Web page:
Four Popular Nigerian soups and their Health impact
Nigerian foods are known for their highly intense aromas and spicy flavors. As you probably know, lots of Nigerian cuisines tend to contain a large proportion of lean meats, vegetables, and whole meats, and these ingredients contain some healthy nutrients for the human body. Little wonder why even non-Nigerians are becoming obsessed with Nigerian dishes. Of course, they are tasty and also offer ample health benefits.
Edikang Ikong, alternatively referred to as vegetable soup, is a traditional Nigerian soup that is full of fresh vegetables. This soup is native to the Efiks who can be found in Akwa Ibom and Cross River states of the country. The soup is made primarily of pumpkin, tomatoes, and onions.
Regularly consuming fresh vegetables such as those found in Edikang Ikong, it can also reduce the risk of stroke, certain cancers, and digestive system problems.
Egusi is a popular West African dish that takes its name from the seeds of plants like melons, gourds, and squash. After these seeds are dried and grounded, they become a major ingredient for making Egusi soup. The soup is usually eaten with pounded yam though it can be eaten with other swallows.
Some of the health benefits of Egusi soup include:
- Skin Improvement as it contains antioxidant properties that help to fight aging and slows down the aging process.
- Appetite improvement.
- Aids digestion—bowel movement is made more comfortable after eating a sumptuous meal of Egusi soup.
- Prevention of malnutrition as Egusi soup keeps you nourished due to the different ingredients used in preparing it.
- Maintaining good heart condition—Egusi contains unsaturated fat that is good for the heart. This helps significantly in reducing the risk of heart diseases by ensuring blood cholesterol levels are balanced.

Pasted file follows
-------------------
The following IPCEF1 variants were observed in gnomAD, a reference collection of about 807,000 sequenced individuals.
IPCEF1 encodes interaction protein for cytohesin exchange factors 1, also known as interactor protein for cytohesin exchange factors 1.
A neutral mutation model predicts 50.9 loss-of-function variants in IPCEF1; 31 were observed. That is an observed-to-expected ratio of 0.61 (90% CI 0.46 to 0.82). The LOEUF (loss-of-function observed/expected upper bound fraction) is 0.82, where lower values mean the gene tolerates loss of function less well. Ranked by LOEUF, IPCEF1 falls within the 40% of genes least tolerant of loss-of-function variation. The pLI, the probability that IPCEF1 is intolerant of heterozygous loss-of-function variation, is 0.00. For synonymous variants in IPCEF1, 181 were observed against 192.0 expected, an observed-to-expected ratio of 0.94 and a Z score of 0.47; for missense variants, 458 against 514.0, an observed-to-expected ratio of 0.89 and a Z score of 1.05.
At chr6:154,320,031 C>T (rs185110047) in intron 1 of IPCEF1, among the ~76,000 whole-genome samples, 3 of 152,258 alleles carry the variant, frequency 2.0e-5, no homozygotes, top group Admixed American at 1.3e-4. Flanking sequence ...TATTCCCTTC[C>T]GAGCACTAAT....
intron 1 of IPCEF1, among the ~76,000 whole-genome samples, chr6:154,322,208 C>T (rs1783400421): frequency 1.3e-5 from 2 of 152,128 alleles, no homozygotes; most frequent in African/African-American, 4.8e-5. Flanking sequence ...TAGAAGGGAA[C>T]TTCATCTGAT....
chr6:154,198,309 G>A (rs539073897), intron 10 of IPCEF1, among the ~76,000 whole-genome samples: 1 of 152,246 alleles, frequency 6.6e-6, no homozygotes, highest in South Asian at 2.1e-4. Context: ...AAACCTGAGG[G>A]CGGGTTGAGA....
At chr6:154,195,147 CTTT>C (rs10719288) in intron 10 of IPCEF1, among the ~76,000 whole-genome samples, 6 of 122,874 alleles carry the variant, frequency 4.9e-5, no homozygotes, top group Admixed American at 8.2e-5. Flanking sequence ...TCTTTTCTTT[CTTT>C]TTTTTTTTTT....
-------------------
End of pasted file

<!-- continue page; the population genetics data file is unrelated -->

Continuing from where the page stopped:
This soup is a delicious food in Nigeria and other parts of Africa. It is prepared with okra—palm oil, goat meat, fish, shrimps, and African spices all simmered to mouthwatering perfection.
Okro has many health benefits such as: supporting improvement in coronary and cardiovascular heart diseases and even some types of cancer. Okro also helps in improving eyesight and is a highly nutritious source of protein. It also contains several minerals and vitamins as well as dietary fiber.
Ogbono, which is the Igbo name for bush mango seeds, is also called apon in Yoruba (South-West Nigeria). It is known to be a very rich source of iron, protein, ascorbic acid, vitamin C, magnesium, calcium, amino acids, sodium, and phosphorus.
Ogbono is known to help lower cholesterol and increase gastrointestinal activities.
Five benefits of maintaining a balanced diet
A healthful diet typically includes nutrient-dense foods from all major food groups, including lean proteins, whole grains, healthy fats, and fruits and vegetables of many colours. Healthful eating also means replacing foods that contain trans fats, added salt, and sugar with more nutritious options.
- It helps manage a healthy weight
You know the two critical ingredients for weight loss: diet and exercise. However, it was argued that weight loss is 75 per cent diet and only 25 per cent exercise.
An analysis of 700 separate weight loss studies found that people experience the most significant results when eating well. On average, dieting without exercise amounts to 23 pounds lost over 15 weeks. On the other hand, exercising without dieting results in six pounds lost after 21 weeks. Of course, this doesn’t discount the value of exercise—you need both to be as healthy as possible.
- Help support a robust immune system
You rely on your immunity to defend against bacteria, viruses, fungi, and other foreign invaders. However, poor nutrition starves your immune system of the proper vitamins and minerals it needs to produce antibodies. If you focus on eating well, you are less likely to become sick. Especially with times like this with Covid 19 still very much around.
- Increase your energy level
The whole purpose of eating is to derive energy from your food. “Empty calories” found in soda, processed snacks, and other junk food may fill your stomach, but they fail to provide high-quality energy.